The roots of my interest in Slow Church could perhaps be traced back to my reading of two Early Christian treatises on patience
that I read as a I was writing my first book, Water, Faith and Wood: Stories of the Early Church’s Witness for Today. We are pleased to share one of these treatises, St. Cyprian’s On the Advantage of Patience, here with you today. Cyprian was bishop of Carthage and an important Early Christian writer. He was born around the beginning of the 3rd century in North Africa, where he received a classical education. After converting to Christianity, he became a bishop in 249 and eventually died a martyr at Carthage.
In his martyrdom, Cyprian embodied the sort of patience that he defends in this treatise. “Cyprian courageously prepared his people for the expected edict of persecution by his ‘De exhortatione martyrii,’ and himself set an example when he was brought before the Roman proconsul Aspasius Paternus (August 30, 257). He refused to sacrifice to the pagan deities and firmly professed Christ. The consul banished him to Curubis, modern Korba, whence he comforted to the best of his ability his flock and his banished clergy. In a vision he saw his approaching fate. When a year had passed he was recalled and kept practically a prisoner in his own villa, in expectation of severer measures after a new and more stringent imperial edict arrived, demanding the execution of all Christian clerics, according to reports of it by Christian writers. On September 13, 258, he was imprisoned at the behest of the new proconsul, Galerius Maximus. The day following he was examined for the last time and sentenced to die by the sword. His only answer was “Thanks be to God!” The execution was carried out at once in an open place near the city. A vast multitude followed Cyprian on his last journey. He removed his garments without assistance, knelt down, and prayed. After he blindfolded himself, he was beheaded by the sword. (Wikipedia)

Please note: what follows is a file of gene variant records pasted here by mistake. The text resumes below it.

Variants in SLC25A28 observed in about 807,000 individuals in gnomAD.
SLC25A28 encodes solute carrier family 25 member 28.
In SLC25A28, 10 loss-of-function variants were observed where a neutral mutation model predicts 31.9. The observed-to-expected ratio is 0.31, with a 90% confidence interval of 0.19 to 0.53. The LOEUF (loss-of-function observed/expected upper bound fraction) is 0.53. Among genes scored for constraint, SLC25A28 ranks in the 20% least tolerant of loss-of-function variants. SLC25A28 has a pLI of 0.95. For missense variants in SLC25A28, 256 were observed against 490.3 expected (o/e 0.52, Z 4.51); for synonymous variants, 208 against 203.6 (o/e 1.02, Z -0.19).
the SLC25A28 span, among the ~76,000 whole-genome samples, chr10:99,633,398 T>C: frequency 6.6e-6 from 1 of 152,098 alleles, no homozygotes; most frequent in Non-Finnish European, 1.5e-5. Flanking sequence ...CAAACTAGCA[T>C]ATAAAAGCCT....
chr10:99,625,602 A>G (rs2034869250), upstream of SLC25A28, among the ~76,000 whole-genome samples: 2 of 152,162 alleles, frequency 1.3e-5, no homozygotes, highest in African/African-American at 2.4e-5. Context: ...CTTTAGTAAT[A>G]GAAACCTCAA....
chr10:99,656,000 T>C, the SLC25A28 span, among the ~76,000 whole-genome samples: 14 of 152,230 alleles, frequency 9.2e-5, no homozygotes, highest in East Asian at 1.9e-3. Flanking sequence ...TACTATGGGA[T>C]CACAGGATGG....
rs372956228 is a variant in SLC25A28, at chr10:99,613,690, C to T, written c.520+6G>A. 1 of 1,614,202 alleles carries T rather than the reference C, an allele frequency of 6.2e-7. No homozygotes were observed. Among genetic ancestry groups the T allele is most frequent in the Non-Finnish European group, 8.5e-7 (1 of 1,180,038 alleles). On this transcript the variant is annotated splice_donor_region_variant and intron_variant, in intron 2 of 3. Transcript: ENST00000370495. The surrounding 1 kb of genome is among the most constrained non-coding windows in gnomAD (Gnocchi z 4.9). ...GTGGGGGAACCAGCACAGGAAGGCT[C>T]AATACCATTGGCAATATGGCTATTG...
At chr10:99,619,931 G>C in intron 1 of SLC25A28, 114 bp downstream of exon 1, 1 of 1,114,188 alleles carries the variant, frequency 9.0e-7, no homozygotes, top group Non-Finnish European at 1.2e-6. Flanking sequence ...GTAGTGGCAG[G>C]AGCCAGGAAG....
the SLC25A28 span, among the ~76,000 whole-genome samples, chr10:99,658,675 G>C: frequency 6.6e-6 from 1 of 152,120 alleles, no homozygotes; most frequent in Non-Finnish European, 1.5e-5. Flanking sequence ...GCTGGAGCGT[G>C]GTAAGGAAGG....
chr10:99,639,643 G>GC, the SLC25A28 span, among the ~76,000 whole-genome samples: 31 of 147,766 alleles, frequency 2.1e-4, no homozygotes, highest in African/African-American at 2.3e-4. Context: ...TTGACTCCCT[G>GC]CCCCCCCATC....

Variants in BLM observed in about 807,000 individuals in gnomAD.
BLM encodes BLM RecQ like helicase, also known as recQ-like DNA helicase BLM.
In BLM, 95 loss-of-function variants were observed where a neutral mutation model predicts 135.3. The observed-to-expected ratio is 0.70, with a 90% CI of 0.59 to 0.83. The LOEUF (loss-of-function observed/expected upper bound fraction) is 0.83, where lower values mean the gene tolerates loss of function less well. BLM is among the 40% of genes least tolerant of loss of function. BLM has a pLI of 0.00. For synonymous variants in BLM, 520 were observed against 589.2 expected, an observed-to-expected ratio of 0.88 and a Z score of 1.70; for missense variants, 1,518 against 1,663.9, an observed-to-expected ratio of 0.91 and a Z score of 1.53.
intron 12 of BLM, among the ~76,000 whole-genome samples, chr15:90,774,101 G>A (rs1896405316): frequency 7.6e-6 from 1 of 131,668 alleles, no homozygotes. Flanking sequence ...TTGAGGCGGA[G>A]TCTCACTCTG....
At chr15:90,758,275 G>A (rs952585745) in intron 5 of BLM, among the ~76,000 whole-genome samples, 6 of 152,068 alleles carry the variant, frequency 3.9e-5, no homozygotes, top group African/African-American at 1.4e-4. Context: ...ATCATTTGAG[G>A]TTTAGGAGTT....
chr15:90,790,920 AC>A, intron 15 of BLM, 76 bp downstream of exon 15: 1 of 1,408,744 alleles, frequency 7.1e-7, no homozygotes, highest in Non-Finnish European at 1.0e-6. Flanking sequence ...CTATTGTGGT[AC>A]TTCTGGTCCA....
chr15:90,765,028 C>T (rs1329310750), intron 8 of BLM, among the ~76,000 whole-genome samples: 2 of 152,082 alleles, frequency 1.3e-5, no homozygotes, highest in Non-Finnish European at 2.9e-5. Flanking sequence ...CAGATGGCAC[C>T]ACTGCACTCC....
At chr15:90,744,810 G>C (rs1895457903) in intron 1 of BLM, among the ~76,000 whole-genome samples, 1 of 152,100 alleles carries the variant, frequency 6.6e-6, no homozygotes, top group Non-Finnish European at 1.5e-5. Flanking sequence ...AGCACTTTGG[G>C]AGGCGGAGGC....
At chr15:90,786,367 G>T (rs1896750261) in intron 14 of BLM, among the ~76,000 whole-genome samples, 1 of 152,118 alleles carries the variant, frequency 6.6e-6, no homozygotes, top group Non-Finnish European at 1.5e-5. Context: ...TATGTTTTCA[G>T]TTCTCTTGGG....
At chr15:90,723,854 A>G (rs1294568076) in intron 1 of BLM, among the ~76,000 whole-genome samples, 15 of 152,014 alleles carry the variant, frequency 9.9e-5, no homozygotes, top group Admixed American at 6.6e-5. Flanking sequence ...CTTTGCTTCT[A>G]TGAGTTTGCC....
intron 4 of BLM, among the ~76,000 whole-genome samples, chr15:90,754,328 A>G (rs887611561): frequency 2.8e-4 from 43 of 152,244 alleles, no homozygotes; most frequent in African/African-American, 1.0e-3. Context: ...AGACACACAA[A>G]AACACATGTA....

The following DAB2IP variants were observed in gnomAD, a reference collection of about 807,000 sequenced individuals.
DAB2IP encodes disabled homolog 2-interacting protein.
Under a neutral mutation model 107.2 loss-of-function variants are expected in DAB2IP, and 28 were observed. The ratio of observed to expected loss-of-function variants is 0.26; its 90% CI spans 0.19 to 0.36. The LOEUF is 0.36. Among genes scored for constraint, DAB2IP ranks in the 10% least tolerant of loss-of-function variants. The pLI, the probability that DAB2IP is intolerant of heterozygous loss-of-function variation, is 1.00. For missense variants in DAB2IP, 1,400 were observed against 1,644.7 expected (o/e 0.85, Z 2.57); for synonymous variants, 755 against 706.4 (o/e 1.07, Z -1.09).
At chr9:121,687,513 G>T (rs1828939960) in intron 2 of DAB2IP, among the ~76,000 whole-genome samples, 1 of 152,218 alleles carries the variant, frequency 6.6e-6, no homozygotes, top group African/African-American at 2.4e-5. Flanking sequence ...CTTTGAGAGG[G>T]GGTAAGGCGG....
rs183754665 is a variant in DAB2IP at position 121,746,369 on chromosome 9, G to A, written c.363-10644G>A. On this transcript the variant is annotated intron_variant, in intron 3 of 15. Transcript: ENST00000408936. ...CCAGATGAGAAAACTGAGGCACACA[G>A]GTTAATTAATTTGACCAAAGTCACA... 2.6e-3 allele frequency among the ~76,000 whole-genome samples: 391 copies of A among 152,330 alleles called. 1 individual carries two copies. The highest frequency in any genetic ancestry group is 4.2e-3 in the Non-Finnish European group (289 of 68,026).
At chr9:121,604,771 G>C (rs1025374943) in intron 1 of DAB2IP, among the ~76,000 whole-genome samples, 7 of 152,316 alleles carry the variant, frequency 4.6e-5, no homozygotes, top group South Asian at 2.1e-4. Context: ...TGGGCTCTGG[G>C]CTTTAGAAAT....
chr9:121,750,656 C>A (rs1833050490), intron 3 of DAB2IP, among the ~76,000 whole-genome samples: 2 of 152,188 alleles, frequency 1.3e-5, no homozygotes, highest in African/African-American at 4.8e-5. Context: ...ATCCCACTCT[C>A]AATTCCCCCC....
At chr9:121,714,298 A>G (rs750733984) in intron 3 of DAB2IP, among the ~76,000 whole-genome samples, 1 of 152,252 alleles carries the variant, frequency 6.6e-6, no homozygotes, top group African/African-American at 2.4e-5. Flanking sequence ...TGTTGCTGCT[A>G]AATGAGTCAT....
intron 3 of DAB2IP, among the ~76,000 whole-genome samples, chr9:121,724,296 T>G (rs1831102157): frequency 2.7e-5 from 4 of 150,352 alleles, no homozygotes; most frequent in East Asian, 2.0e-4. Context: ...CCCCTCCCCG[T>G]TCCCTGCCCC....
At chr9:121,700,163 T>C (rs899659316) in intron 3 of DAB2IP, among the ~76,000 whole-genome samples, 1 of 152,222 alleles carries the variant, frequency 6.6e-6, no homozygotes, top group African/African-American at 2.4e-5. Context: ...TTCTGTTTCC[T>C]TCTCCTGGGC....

We are pleased today to offer this treatise on patience today, on the anniversary of St. Cyprian’s martydom…
We intend to make the “Freebie of the Week” a regular column… So stay tuned in coming weeks for other free ebooks, downloads, etc.!
C. Christopher Smith is the founding editor of The Englewood Review of Books. He is also author of a number of books, including most recently How the Body of Christ Talks: Recovering the Practice of Conversation in the Church (Brazos Press, 2019). Connect with him online at: C-Christopher-Smith.com
Reading for the Common Good
From ERB Editor Christopher Smith
"This book will inspire, motivate and challenge anyone who cares a whit about the written word, the world of ideas, the shape of our communities and the life of the church."
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